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date: 06 December 2021

Abstract and Keywords

This chapter analyzes the experience of the Dutch East India Company, the first company in which thousands of investors participated. This dispersed shareholder base gave rise to two new institutional developments: the spontaneous growth of a lively securities market and agency problems as investors soon had reason to complain about lack of strategic focus, lack of dividends, lack of accountability, self-enrichment by managers, fraud, and mismanagement. Nonetheless, after two hazardous first decades—helped by the exit that the stock market provided to investors—the company managed to stay in existence for almost two centuries although the agency problems were only partially addressed.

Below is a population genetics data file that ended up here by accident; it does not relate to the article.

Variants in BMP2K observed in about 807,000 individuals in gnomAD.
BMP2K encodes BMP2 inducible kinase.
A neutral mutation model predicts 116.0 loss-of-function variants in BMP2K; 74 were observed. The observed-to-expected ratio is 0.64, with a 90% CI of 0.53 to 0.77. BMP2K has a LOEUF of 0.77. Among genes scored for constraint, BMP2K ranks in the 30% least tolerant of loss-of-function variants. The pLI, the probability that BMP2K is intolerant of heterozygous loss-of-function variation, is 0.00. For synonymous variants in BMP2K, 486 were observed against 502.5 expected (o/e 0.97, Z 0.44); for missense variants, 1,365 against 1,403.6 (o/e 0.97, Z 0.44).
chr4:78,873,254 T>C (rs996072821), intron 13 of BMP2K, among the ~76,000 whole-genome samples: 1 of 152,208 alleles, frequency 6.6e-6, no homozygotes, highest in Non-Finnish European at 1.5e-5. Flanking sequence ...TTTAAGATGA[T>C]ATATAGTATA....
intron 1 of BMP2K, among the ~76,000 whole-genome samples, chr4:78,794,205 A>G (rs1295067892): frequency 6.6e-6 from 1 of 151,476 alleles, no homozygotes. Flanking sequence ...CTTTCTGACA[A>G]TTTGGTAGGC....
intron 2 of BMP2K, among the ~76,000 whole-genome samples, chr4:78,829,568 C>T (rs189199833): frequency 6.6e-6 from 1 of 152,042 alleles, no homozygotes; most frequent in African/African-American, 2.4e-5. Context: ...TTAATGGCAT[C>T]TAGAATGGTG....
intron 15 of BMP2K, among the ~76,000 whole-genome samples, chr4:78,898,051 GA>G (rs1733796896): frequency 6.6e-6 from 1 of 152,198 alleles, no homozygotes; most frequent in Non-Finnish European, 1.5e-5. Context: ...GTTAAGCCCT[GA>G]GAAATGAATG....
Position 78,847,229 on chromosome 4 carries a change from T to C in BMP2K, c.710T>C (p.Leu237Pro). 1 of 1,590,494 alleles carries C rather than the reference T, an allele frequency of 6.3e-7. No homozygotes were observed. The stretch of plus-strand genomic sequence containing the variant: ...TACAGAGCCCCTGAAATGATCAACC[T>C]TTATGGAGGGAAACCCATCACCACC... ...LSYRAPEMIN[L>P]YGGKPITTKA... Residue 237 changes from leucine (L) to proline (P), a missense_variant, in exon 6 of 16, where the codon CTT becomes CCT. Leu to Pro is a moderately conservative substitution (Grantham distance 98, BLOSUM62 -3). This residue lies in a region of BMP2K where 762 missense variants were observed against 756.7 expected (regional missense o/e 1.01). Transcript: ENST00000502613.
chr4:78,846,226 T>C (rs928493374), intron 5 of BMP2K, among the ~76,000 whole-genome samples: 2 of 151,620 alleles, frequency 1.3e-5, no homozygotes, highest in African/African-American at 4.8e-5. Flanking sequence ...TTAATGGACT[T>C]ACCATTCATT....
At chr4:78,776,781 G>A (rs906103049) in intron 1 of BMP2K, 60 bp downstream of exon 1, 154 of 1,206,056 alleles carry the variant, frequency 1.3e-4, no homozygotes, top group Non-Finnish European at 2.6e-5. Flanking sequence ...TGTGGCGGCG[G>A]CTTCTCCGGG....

Keywords: Dutch East India Company, first company, institutional development, securities market, fraud

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